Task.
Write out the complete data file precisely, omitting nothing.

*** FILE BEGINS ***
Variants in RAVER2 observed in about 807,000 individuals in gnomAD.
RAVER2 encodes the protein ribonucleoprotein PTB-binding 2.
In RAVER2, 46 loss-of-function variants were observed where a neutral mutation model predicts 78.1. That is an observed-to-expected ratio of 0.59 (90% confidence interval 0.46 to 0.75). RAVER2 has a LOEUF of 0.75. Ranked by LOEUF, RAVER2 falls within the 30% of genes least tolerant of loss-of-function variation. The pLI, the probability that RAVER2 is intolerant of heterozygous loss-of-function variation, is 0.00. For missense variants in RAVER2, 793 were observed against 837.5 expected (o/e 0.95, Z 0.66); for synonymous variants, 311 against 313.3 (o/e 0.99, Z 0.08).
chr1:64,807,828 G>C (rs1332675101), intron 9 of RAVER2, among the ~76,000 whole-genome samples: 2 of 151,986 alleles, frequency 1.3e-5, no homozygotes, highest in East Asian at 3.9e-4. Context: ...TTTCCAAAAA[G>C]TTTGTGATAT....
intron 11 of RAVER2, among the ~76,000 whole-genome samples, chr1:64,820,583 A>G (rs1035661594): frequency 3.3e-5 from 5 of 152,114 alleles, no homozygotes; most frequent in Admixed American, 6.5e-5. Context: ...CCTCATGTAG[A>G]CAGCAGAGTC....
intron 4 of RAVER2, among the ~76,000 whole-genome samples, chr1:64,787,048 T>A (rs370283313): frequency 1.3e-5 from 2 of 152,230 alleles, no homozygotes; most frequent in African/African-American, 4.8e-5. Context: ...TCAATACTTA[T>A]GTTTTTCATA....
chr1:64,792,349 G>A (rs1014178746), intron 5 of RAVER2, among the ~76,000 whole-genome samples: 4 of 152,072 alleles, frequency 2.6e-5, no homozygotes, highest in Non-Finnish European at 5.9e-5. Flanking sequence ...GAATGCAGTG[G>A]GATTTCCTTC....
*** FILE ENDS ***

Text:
Variants in RAVER2 observed in about 807,000 individuals in gnomAD.
RAVER2 encodes the protein ribonucleoprotein PTB-binding 2.
In RAVER2, 46 loss-of-function variants were observed where a neutral mutation model predicts 78.1. That is an observed-to-expected ratio of 0.59 (90% confidence interval 0.46 to 0.75). RAVER2 has a LOEUF of 0.75. Ranked by LOEUF, RAVER2 falls within the 30% of genes least tolerant of loss-of-function variation. The pLI, the probability that RAVER2 is intolerant of heterozygous loss-of-function variation, is 0.00. For missense variants in RAVER2, 793 were observed against 837.5 expected (o/e 0.95, Z 0.66); for synonymous variants, 311 against 313.3 (o/e 0.99, Z 0.08).
chr1:64,807,828 G>C (rs1332675101), intron 9 of RAVER2, among the ~76,000 whole-genome samples: 2 of 151,986 alleles, frequency 1.3e-5, no homozygotes, highest in East Asian at 3.9e-4. Context: ...TTTCCAAAAA[G>C]TTTGTGATAT....
intron 11 of RAVER2, among the ~76,000 whole-genome samples, chr1:64,820,583 A>G (rs1035661594): frequency 3.3e-5 from 5 of 152,114 alleles, no homozygotes; most frequent in Admixed American, 6.5e-5. Context: ...CCTCATGTAG[A>G]CAGCAGAGTC....
intron 4 of RAVER2, among the ~76,000 whole-genome samples, chr1:64,787,048 T>A (rs370283313): frequency 1.3e-5 from 2 of 152,230 alleles, no homozygotes; most frequent in African/African-American, 4.8e-5. Context: ...TCAATACTTA[T>A]GTTTTTCATA....
chr1:64,792,349 G>A (rs1014178746), intron 5 of RAVER2, among the ~76,000 whole-genome samples: 4 of 152,072 alleles, frequency 2.6e-5, no homozygotes, highest in Non-Finnish European at 5.9e-5. Flanking sequence ...GAATGCAGTG[G>A]GATTTCCTTC....